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K-State anesthesiologist helping to train Afghanistan's future veterinarians

By Katie Mayes

 

Going to a country in the midst of a war probably isn't something most people would consider. But Dr. David Hodgson, a veterinary anesthesiologist at Kansas State University's College of Veterinary Medicine, is not most people.

Hodgson, a professor in K-State's department of clinical sciences, just returned from his third trip to Afghanistan, where he's been working with Kabul University to better prepare the country's future veterinarians.

David Hodgson helping vet student with a patient"The thing that really keeps me engaged in this effort is the enthusiasm the students have and their real desire to learn and develop clinical skills and expertise," he said. "If I didn't think that I was having a significant impact, I wouldn't keep going back."

Hodgson first heard about the chance to go to Afghanistan in a hallway at K-State's Veterinary Medical Teaching Hospital. For some time, he'd been considering serving internationally, going as far as to research the possibility of working with the Peace Corps.

When Hodgson made his first trip to Kabul University in 2007, he found the students ill prepared and the university's curriculum and textbooks very much out of date. He said much of his first trip was spent encouraging university faculty to update their materials and dealing with a shortage of drugs, supplies and equipment needed to effectively teach the basic diagnosis and treatment of ailments in a variety of animal species.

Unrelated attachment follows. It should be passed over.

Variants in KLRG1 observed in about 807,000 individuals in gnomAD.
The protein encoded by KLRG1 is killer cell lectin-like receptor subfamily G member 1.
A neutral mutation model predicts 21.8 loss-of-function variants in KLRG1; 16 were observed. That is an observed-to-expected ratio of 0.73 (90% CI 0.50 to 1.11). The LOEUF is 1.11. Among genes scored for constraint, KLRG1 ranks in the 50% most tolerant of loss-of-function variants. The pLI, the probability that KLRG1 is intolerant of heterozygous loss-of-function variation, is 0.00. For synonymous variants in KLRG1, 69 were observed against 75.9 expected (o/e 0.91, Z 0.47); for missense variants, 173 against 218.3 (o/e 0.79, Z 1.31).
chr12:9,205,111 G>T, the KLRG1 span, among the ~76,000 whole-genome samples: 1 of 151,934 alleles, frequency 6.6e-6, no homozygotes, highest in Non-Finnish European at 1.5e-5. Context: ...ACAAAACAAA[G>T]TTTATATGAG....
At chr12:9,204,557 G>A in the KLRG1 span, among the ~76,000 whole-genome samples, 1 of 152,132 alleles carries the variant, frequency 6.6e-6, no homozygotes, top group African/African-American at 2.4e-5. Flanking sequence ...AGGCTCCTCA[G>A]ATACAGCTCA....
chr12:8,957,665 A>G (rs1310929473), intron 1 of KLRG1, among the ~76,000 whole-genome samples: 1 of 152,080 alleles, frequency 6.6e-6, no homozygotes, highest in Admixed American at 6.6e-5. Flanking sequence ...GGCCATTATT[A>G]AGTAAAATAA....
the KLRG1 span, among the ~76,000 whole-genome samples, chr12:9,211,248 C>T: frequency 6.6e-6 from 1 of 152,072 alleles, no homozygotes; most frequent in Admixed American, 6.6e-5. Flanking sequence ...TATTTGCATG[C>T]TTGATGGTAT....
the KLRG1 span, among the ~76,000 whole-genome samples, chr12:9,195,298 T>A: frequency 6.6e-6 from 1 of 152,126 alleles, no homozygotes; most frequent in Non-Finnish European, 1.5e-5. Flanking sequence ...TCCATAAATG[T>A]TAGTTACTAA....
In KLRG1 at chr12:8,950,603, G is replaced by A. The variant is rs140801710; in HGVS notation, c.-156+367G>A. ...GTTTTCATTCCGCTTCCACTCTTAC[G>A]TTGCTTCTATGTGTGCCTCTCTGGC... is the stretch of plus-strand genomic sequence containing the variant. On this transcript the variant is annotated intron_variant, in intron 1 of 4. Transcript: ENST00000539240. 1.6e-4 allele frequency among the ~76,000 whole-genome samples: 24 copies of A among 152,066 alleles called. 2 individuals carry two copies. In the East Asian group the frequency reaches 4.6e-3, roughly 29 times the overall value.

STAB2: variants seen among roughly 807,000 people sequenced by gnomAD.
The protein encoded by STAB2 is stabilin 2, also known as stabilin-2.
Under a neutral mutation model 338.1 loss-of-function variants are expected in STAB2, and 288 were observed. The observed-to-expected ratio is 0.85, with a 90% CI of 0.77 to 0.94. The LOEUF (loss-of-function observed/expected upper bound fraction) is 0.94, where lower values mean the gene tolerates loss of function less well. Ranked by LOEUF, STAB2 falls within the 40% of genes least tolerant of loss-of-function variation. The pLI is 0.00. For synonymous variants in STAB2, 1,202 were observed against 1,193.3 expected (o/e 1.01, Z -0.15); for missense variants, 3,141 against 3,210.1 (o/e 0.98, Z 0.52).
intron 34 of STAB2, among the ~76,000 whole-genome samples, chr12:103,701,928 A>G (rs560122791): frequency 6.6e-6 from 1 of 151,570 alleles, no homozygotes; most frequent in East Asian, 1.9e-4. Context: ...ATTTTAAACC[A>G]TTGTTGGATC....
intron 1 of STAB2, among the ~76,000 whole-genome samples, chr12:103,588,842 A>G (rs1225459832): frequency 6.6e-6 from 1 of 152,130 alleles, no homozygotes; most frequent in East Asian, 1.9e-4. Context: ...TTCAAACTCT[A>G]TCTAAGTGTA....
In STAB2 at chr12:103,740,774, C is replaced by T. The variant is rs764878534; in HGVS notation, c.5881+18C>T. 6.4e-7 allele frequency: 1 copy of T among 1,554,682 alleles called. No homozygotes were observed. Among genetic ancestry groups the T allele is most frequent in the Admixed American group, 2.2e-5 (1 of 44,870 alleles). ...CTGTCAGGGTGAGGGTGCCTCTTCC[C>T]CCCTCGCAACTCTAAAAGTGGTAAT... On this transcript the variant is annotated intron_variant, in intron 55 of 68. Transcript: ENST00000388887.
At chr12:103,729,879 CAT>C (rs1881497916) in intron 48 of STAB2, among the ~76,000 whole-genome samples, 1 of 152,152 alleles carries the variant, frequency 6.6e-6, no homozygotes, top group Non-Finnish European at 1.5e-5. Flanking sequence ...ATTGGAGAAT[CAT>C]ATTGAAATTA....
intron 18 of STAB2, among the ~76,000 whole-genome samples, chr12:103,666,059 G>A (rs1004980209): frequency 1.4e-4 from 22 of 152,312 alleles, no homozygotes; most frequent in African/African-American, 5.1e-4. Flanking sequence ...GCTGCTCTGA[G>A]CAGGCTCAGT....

Friends and co-workers at K-State's College of Veterinary Medicine and the department of clinical sciences helped by donating thousands of dollars in equipment, supplies and current textbooks to the Kabul University Veterinary Clinic. Hodgson said their constant interest, support and encouragement provided him with a source of strength and a desire to represent them well in the impoverished country. In return, Hodgson made the students and staff at Kabul University constantly aware of how interested everyone at K-State was in their educational opportunities.

During this last trip, Hodgson spent his mornings at the veterinary clinic and out in the field teaching current techniques in veterinary medicine appropriate for Afghanistan. In the afternoons he worked with the university's veterinary science faculty, offering help and encouragement for any staff member wanting to update lectures or revise the outdated curricula.

Hodgson said he has learned a lot about cultural differences, but that living in Afghanistan can be challenging. He has been personally faced with security issues, given the activity of the Taliban in and around Kabul. He said that at the beginning of each trip it takes him several weeks to adjust to the food, water and time change in Afghanistan. Reliable access to the Internet and electricity also were daily challenges.

But Hodgson said the sacrifices he endured were well worth the potential beneficial outcomes for students and staff members.

"The real thing that is going to change Afghanistan is education," he said. "The funds that we direct toward education at every level will effect more positive change in this country than money that is directed toward war and further destruction."

Hodgson describes his work in Afghanistan as a calling and said that he will return again next year. He said he wants his students at Kabul University and the people of Afghanistan to know that people in the U.S. care about what they're going through.

"I want them to know that there are people at K-State and in the United States who care that they are making progress and care about the things they want to do to better their living conditions and their future opportunities," Hodgson said.